Much has been spoken about the changes to the planning system as a result of the Localism Bill – some welcome ‘a new right for communities to draw up a ‘neighbourhood development plan’’ whilst others, such as the National Trust, feels it runs the risk of ‘a return to the threat of sprawl and uncontrolled development’.
But what are the planning changes in the Localism Bill exactly? I found myself reading a lot of commentary around it without feeling sure of the details being discussed. Thankfully, I found a few good sources of information, namely:
- A plain English guide to the Localism Bill from Communities and Local Government.
- A (very) plain English guide to the Localism Bill from Simply Understand (embedded above).
- A post on Neighbourhood Planning by Lorna Parsons, who puts things nice and simply: ‘the main change is that regional planning strategies are being scrapped….the Localism Bill turns this on its head and aims to make a major change in the way that local communities can influence development in their area.’
I was also lucky enough to attend a You Can Plan workshop in Birmingham organised by Lorna Parsons and Slider Studio, as part of their feasibility study into the use of digital platforms for Neighbourhood Planning. Much of the afternoon was spent brainstorming (or ‘gamestorming’) on online and offline tools community groups currently use to communicate and organise, but we started out with a useful explanation of the neighbourhood planning changes in the Localism Bill and the process that’s emerging for community groups who want to take control of planning in their areas. Michael Khon kindly repeated his explanation for this short audioboo:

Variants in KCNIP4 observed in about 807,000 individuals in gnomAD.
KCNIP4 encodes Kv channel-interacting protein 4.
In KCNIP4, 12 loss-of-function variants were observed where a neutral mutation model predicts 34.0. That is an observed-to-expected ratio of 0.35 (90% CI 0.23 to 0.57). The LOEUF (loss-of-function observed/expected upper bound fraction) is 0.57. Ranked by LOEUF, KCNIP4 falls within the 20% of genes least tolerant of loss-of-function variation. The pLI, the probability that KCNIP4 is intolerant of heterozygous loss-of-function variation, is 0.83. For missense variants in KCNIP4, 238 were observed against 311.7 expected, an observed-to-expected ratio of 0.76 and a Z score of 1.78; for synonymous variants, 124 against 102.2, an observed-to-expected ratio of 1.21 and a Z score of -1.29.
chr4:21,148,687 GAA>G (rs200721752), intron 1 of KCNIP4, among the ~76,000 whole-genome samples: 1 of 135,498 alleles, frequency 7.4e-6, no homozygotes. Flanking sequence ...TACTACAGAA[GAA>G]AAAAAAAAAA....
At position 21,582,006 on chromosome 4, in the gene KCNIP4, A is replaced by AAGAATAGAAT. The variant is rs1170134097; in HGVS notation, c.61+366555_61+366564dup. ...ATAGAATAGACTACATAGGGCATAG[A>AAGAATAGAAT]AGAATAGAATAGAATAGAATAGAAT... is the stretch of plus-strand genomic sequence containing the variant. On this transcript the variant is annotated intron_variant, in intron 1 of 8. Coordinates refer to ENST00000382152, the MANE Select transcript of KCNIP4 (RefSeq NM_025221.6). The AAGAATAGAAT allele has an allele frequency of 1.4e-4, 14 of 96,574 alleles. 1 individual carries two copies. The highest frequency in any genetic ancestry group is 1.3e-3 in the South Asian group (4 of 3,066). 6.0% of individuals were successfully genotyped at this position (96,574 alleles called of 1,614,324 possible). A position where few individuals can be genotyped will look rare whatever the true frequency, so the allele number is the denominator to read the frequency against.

It’s given me much more of a grasp of what community groups who are looking at taking control of local planning (say, for argument’s sake, the Digbeth Residents’ Association) would need to go through, namely:
1. Establish a Neighbourhood Forum recognised by your Local Authority, as you need to be either a Parish Council or Neighbourhood Forum to develop neighbourhood planning. The Localism Bill states a Neighbourhood Forum should be a group of at least 21 local people (with scope for businesses as well as residents to be involved), who would need to apply to the Local Authority for recognition as a Neighbourhood Forum. It’s unclear how this application process will work at this stage, but Michael said if a group could be defined as resident in an area, willing to work with each other and neighbouring communities then Local Authority support should be forthcoming.
2. Planning preparation – making documents, drawings, stories, etc. to collect a vision for planning development in the area. This vision has to conform to wider planning policy for Step 3…
3. Examination – the plan is scrutinised to ensure it doesn’t contradict existing policy.
4. Referendum – the Local Authority funds a local referendum to get validation of the plan from the local community. If more then 51% of voters are in favour, it’s onto Stage 5…
5. Adoption – the plan becomes local policy.
As Michael says, for potential/established Neighbourhood Forums and Parish Councils developing a neighbourhood plan, reaching out to local people and harnessing their support online as well as offline will be key:
“Even the simplest website is a good start. We see a need in all kinds of community-led planning, neighbourhood planning to up the ante in communications. It becomes actually better for everybody because you’re making your process more transparent. You’re marketing the opportunity to your neighbours to get involved, to help contribute to the ideas, contribute to the planning in its formation and by the time you get to a referendum you should be in pretty good shape to have your plans supported if you’ve been using these tools in a proactive way. Taking advantage of the free tools that are out there, taking advantage of collaborative tools that are out there, it should just help you…”
Naturally, this is something organisations such as us and existing hyperlocal website managers can help with, both with in-depth coverage of local plans in progress and giving Neighbourhood Forums and Parish Councils the skills to tell their own stories and engage local people online.